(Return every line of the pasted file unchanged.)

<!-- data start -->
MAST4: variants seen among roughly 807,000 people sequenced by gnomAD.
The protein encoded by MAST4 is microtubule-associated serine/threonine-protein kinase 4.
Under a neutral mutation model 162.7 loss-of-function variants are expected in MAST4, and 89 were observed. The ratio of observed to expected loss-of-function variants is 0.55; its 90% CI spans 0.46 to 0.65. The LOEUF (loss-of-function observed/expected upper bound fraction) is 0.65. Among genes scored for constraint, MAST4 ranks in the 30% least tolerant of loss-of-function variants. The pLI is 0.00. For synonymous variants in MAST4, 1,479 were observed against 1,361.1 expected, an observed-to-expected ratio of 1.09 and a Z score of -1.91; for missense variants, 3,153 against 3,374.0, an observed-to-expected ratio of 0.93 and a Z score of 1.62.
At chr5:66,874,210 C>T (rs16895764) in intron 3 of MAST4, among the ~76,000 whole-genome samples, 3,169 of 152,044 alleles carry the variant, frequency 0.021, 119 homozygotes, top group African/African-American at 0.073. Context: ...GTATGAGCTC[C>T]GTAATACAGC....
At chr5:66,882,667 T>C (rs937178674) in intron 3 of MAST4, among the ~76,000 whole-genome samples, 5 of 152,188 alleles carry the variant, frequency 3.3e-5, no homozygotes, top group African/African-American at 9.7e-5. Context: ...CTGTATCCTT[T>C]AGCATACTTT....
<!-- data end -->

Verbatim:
MAST4: variants seen among roughly 807,000 people sequenced by gnomAD.
The protein encoded by MAST4 is microtubule-associated serine/threonine-protein kinase 4.
Under a neutral mutation model 162.7 loss-of-function variants are expected in MAST4, and 89 were observed. The ratio of observed to expected loss-of-function variants is 0.55; its 90% CI spans 0.46 to 0.65. The LOEUF (loss-of-function observed/expected upper bound fraction) is 0.65. Among genes scored for constraint, MAST4 ranks in the 30% least tolerant of loss-of-function variants. The pLI is 0.00. For synonymous variants in MAST4, 1,479 were observed against 1,361.1 expected, an observed-to-expected ratio of 1.09 and a Z score of -1.91; for missense variants, 3,153 against 3,374.0, an observed-to-expected ratio of 0.93 and a Z score of 1.62.
At chr5:66,874,210 C>T (rs16895764) in intron 3 of MAST4, among the ~76,000 whole-genome samples, 3,169 of 152,044 alleles carry the variant, frequency 0.021, 119 homozygotes, top group African/African-American at 0.073. Context: ...GTATGAGCTC[C>T]GTAATACAGC....
At chr5:66,882,667 T>C (rs937178674) in intron 3 of MAST4, among the ~76,000 whole-genome samples, 5 of 152,188 alleles carry the variant, frequency 3.3e-5, no homozygotes, top group African/African-American at 9.7e-5. Context: ...CTGTATCCTT[T>C]AGCATACTTT....